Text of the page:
MP’s anti-Muslim comments have drawn widespread condemnation from all quarters.

NZ First Party’s Richard Prosser, writing in a column in Investigate magazine, said young men who were Muslim, “look like a Muslim” or come from a Muslim country should not be permitted to fly on “western” airlines.

He also refers to “misogynist troglodytes from Wogistan”. Prosser was inspired to write the two-page article entitled “Enemy of the State” after security officials confiscated his penknife at Christchurch airport. He said “ordinary people” were being treated like “suspects and pariahs”.

Prosser wrote that while all Muslims were not terrorists, most terrorists were Muslim. And his answer is to prohibit all Muslim males from “our aeroplanes.”

He went on: “I will not stand by while their [his daughters’] rights and freedoms of other New Zealanders and Westerners, are denigrated by a sorry pack of misogynist troglodytes from Wogistan.”

And he added: “If you are a young male, aged between say about 19 and 35, and you’re a Muslim, or you look like a Muslim, or you come from a Muslim country, then you are not welcome to travel on any of the West’s airlines...”

He says they shouldn’t be allowed to fly again until Islam has “taken upon itself and proven it is able to prevent extremists”.

Dr Anwar Ghani, president of the Federation of Islamist Associations of New Zealand, said the comments were “racist and totally unacceptable”.

“I think it’s blatant racism and I feel sorry for those other parliamentarians who have to put up with him,” Dr Ghani told the Stuff website. “I think people like him do not realise how their narrow-minded and extreme views undermine the good work done by others in Parliament at building relationships.”

Dr Ghani said the comments had the potential to harm economic relations with New Zealand if unnecessary weight was given to them.

He said Islamic countries made up a significant portion of New Zealand’s trading partners.
“Education is a multimillion dollar industry here, and I could imagine some students not being very happy.”

Ghani said the comments were “not good at all”, but obviously not reflective of most of New Zealand.
Prosser ran unsuccessfully as a candidate for the Waimakariri electorate in 2011, getting only 538 votes. He joined Parliament as a list MP for the party.

National List MP Kanwaljit Singh Bakshi has condemned these anti-Muslim comments by Prosser.

“Mr Prosser’s uninformed and offensive comments have the potential to seriously damage New Zealand’s international reputation, and our standing as a fair and tolerant nation,” Mr Bakshi said.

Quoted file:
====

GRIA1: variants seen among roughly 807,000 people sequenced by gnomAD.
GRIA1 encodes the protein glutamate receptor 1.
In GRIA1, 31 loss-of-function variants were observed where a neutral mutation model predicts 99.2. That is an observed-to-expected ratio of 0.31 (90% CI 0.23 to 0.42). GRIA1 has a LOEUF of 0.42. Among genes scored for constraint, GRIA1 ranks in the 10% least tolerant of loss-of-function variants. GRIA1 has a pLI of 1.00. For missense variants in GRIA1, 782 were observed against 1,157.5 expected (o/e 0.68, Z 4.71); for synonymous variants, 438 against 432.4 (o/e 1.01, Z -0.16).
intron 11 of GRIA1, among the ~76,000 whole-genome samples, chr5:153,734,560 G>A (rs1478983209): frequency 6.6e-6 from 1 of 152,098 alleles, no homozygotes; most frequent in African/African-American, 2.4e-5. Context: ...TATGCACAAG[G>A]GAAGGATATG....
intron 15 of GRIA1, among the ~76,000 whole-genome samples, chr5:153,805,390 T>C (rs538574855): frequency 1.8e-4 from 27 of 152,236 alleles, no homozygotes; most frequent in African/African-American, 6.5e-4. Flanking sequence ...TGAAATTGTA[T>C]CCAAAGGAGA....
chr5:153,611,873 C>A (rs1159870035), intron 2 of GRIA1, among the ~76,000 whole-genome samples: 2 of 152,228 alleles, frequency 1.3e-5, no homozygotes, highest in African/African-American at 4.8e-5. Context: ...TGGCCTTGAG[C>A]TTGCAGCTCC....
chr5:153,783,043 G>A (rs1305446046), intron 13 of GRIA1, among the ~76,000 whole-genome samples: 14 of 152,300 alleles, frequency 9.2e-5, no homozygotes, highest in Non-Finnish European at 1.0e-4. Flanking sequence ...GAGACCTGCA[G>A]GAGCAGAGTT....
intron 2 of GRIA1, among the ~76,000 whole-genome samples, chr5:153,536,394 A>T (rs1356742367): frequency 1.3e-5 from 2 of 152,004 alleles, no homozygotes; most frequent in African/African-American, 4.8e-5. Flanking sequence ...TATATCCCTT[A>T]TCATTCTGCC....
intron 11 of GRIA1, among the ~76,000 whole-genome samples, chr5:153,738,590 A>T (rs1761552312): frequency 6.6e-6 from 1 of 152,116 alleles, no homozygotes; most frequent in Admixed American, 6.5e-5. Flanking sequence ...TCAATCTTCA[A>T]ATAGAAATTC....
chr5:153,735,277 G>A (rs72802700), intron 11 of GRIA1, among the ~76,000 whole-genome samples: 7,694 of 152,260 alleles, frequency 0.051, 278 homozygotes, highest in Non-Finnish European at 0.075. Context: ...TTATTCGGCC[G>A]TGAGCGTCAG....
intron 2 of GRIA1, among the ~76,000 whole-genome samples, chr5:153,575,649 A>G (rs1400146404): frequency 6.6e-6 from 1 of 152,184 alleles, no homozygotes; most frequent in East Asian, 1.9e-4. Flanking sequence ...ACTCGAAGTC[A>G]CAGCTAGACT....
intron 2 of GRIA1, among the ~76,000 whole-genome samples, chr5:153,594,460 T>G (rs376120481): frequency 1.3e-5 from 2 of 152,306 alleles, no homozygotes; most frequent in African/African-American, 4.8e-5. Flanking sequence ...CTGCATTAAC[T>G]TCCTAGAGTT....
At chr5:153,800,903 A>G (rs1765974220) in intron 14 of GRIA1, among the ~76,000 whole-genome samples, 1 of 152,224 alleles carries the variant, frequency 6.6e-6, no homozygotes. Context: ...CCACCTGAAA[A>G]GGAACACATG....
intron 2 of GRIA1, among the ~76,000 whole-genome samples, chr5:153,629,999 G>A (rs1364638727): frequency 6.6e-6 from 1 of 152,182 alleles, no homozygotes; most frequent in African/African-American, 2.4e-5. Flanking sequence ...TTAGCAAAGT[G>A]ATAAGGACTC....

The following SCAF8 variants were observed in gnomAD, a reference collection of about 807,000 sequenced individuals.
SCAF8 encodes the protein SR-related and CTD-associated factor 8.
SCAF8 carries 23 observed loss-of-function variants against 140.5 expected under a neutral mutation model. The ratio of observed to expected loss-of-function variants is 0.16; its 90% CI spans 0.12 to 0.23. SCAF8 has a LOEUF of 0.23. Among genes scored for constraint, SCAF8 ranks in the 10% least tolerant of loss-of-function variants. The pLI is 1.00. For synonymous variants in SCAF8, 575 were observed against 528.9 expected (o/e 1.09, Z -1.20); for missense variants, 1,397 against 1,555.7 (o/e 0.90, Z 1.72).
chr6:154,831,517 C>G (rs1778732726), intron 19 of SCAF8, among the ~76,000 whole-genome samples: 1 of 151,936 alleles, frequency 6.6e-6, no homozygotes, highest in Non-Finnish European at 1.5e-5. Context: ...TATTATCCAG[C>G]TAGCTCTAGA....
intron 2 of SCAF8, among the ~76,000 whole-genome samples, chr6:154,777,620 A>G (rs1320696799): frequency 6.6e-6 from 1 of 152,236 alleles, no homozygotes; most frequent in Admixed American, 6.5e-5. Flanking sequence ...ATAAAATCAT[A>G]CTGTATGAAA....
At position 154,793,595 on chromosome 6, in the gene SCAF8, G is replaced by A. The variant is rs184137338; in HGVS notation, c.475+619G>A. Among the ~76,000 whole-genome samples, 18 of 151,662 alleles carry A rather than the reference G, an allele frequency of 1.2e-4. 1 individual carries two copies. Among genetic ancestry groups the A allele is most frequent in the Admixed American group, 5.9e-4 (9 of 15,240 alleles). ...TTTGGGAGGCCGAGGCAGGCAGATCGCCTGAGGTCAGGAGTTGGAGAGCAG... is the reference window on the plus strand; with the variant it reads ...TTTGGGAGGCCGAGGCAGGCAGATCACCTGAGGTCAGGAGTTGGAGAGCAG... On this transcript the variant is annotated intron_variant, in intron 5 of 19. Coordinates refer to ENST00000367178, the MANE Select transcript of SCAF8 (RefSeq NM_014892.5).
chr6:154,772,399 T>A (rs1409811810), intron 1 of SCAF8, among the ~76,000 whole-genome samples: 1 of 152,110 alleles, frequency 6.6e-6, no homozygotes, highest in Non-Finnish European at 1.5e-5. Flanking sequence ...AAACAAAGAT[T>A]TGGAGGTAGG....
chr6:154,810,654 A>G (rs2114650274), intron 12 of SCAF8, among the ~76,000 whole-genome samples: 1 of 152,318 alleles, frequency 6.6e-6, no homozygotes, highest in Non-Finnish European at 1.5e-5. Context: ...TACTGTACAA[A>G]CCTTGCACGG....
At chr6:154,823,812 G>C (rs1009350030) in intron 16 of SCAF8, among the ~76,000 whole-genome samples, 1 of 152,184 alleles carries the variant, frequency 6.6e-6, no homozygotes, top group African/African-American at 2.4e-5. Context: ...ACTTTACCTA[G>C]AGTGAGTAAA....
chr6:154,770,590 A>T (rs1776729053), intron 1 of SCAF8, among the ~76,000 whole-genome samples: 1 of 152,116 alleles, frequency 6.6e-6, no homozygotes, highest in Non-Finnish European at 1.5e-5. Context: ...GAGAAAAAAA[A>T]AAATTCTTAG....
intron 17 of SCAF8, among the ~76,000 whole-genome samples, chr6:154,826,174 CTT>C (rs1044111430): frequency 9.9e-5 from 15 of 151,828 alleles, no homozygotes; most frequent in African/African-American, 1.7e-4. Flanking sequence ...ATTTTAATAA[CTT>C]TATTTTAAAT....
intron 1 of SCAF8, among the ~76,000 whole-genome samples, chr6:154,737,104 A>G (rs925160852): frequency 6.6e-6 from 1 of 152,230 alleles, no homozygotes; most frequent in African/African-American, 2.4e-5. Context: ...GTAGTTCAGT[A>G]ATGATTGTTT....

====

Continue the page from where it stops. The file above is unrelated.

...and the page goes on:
“New Zealand prides itself on being an inclusive society, and we have a very strong tradition of human rights. However, from time to time we are reminded that closed-mindedness still exists in our community.

“As a Sikh, and member of a minority community, I understand how hurtful comments like this can be. Mr Prosser’s suggestions have absolutely no place in our Parliament, or our country.”

NZ First leader Winston Peters said this week Prosser had made a mistake. He said he knew about the article three weeks ago, and told Prosser it wasn’t acceptable to present only one side of the argument.

“I’m fronting up here to say that this is an extreme view which we don’t share as a party.”

Mr Peters denied Prosser had incited hatred with his column. “Before you all take that soft-headed approach, there is an element of truth to what he is saying... this has been happening over and over again... the part that there are far too many radical Muslim extremists... what’s wrong about that is you cannot go and generalise in the erroneous way he did,” Mr Peters said.

Prime Minister John Key said it was “an example of the depth of thinking in the NZ First caucus”. The remarks were “stupid and premeditated”.

Labour leader David Shearer said the remarks were “completely inappropriate for this Parliament”. “It’s not something that came off the top of his head as a mistake, it was calculated. I think MPs... should act responsibly. And in this case I think it could lead to inciting violence.”

Other nations - particularly in the Middle East - will look on New Zealand “with some disdain”, Shearer said.